It’s really hard to wrap your mind around Spacey, though. He can pull off all these elaborate heists, but…if he never uses the same crew twice (except when he does), how does that help him? They all meet in his same warehouse office space, so they know where he is. Wouldn’t he be meeting them at a diner or different location each time (did he not see Reservoir Dogs?).

So when everything starts going south, and we want Baby to just grab his baby from the diner and head west in a car they can’t afford, but can steal…I can’t help but think about his confidence early on, and how he seemed to enjoy his life. This movie doesn’t do any scenes to establish how these characters really are. It’s just rehashing stuff that’s been done in other movies, and relying on an ultra cool soundtrack to help tell the story or rock out. Hey…it worked for Guardians and the Galaxy, so why wouldn’t Wright do it?

That soundtrack gives us Jon Spencer (Bellbottoms), The Damned (Neat Neat Neat), the underrated Jonathan Richman and Modern English (for those that don’t know, they’re the musicians from There’s Something About Mary), Martha and the Vandellas, Steve Miller, the Commodores, Golden Earring, Young MC, and more. It gets extra credit for using Queen’s “Brighton Rock” but…I take away that credit for using the Dutch band Focus’ song “Hocus Pocus.” A terrific rock tune with yodeling, but…we just saw that song used a few years ago in the Robocop remake.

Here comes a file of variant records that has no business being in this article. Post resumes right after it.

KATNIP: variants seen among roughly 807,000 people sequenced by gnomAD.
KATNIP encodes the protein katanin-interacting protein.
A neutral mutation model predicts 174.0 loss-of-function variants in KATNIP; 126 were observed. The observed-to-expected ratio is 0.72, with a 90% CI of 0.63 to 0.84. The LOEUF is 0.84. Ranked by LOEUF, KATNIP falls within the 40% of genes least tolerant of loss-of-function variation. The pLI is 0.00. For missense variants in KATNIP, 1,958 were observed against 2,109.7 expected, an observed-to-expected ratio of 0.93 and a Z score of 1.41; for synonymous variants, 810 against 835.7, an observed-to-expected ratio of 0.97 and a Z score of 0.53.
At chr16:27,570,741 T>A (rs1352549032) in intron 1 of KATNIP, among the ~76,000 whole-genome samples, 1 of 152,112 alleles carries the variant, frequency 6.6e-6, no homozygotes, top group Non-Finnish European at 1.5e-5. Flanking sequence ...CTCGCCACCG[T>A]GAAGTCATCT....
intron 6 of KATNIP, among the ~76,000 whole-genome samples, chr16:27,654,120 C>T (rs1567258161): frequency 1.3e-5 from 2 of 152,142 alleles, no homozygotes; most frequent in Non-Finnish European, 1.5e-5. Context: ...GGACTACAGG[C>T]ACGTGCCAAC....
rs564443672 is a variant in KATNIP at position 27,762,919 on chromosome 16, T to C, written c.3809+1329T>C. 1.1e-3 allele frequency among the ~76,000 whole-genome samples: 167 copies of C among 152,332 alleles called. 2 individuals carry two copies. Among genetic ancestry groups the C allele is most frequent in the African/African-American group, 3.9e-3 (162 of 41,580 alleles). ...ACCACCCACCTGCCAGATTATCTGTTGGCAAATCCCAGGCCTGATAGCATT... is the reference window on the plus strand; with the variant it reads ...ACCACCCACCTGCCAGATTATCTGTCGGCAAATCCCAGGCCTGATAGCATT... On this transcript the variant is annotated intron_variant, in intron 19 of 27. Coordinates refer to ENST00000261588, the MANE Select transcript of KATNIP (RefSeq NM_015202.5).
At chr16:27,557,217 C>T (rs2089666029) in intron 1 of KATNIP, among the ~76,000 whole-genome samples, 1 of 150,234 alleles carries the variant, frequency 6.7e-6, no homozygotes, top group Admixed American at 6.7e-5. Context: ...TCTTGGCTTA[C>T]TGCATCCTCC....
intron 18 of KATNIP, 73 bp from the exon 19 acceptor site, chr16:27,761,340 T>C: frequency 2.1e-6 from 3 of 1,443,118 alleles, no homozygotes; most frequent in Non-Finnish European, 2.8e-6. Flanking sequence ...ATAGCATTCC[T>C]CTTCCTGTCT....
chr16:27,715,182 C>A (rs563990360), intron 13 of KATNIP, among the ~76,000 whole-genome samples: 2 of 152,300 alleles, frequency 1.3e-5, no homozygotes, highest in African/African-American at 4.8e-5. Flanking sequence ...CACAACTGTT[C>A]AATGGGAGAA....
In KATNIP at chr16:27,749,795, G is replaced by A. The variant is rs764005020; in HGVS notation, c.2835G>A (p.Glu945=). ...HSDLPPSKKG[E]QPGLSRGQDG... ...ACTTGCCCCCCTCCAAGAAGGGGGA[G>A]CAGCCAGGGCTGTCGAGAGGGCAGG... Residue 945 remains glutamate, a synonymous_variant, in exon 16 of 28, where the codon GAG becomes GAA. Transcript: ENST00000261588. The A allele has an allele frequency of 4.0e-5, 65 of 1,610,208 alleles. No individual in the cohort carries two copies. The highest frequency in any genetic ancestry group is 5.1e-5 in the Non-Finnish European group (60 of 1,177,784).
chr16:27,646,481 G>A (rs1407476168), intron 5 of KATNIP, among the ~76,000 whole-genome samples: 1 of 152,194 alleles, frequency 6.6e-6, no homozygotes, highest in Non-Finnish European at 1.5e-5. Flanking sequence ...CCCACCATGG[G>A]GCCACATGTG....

If you’ve got this young kid that’s an amazing driver, it might help to see how he’s plotting this all out. For example, using another Ryan Gosling movie as an example, The Place Beyond the Pines. He’s a motorcycle stunt driver, and the way they plan the escape (quick fancy riding..to a waiting 18-wheeler around the corner in which he can hide the bike inside), is interesting.

In Premium Rush, where Miles Teller is a bike messenger, we see him looking two blocks ahead, and planning for the taxi door that’s going to open, or the shopper with bags that will walk out in front of him. Now, that wasn’t a good movie, but it was at least interesting to see him plot it all out so quickly. In this movie, we just have to assume that Baby is such an amazing driver, he can just plug in a funky tune from the Incredible Bongo Band, and that’s all he needs. No obstacles can stop him.

I wish this Baby would’ve just been put in a corner. It doesn’t work for me. It was like Wright was making one long music video, or trying to impress Quentin Tarantino.

But don’t take my word for it. My wife liked it more than I did, and critics and audiences are enjoying it, so you probably will too.

I’m giving it 1 ½ stars out of 5.